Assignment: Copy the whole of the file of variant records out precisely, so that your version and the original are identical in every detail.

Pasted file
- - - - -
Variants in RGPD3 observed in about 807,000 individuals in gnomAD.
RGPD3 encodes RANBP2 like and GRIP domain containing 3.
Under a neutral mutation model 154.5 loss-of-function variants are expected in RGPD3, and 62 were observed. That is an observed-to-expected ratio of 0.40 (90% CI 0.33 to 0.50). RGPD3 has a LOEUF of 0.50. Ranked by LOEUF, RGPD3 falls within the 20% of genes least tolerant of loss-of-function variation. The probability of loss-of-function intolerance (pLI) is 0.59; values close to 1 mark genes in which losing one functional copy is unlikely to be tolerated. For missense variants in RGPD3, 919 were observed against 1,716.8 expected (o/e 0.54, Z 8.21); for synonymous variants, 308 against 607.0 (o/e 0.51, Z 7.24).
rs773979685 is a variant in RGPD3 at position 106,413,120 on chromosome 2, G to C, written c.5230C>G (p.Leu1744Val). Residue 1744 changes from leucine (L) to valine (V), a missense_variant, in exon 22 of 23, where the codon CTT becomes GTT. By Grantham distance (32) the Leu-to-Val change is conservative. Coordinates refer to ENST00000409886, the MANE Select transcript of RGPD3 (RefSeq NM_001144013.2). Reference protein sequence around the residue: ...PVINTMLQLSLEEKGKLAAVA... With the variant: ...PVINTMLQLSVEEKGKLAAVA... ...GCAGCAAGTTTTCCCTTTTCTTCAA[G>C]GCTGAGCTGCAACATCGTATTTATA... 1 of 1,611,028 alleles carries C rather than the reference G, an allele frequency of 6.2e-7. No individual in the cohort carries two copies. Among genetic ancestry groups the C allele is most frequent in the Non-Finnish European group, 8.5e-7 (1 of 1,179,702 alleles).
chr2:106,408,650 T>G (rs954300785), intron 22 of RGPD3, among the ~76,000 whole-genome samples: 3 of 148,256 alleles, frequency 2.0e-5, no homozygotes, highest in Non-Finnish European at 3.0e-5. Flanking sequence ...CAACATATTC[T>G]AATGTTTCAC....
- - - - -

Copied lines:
Variants in RGPD3 observed in about 807,000 individuals in gnomAD.
RGPD3 encodes RANBP2 like and GRIP domain containing 3.
Under a neutral mutation model 154.5 loss-of-function variants are expected in RGPD3, and 62 were observed. That is an observed-to-expected ratio of 0.40 (90% CI 0.33 to 0.50). RGPD3 has a LOEUF of 0.50. Ranked by LOEUF, RGPD3 falls within the 20% of genes least tolerant of loss-of-function variation. The probability of loss-of-function intolerance (pLI) is 0.59; values close to 1 mark genes in which losing one functional copy is unlikely to be tolerated. For missense variants in RGPD3, 919 were observed against 1,716.8 expected (o/e 0.54, Z 8.21); for synonymous variants, 308 against 607.0 (o/e 0.51, Z 7.24).
rs773979685 is a variant in RGPD3 at position 106,413,120 on chromosome 2, G to C, written c.5230C>G (p.Leu1744Val). Residue 1744 changes from leucine (L) to valine (V), a missense_variant, in exon 22 of 23, where the codon CTT becomes GTT. By Grantham distance (32) the Leu-to-Val change is conservative. Coordinates refer to ENST00000409886, the MANE Select transcript of RGPD3 (RefSeq NM_001144013.2). Reference protein sequence around the residue: ...PVINTMLQLSLEEKGKLAAVA... With the variant: ...PVINTMLQLSVEEKGKLAAVA... ...GCAGCAAGTTTTCCCTTTTCTTCAA[G>C]GCTGAGCTGCAACATCGTATTTATA... 1 of 1,611,028 alleles carries C rather than the reference G, an allele frequency of 6.2e-7. No individual in the cohort carries two copies. Among genetic ancestry groups the C allele is most frequent in the Non-Finnish European group, 8.5e-7 (1 of 1,179,702 alleles).
chr2:106,408,650 T>G (rs954300785), intron 22 of RGPD3, among the ~76,000 whole-genome samples: 3 of 148,256 alleles, frequency 2.0e-5, no homozygotes, highest in Non-Finnish European at 3.0e-5. Flanking sequence ...CAACATATTC[T>G]AATGTTTCAC....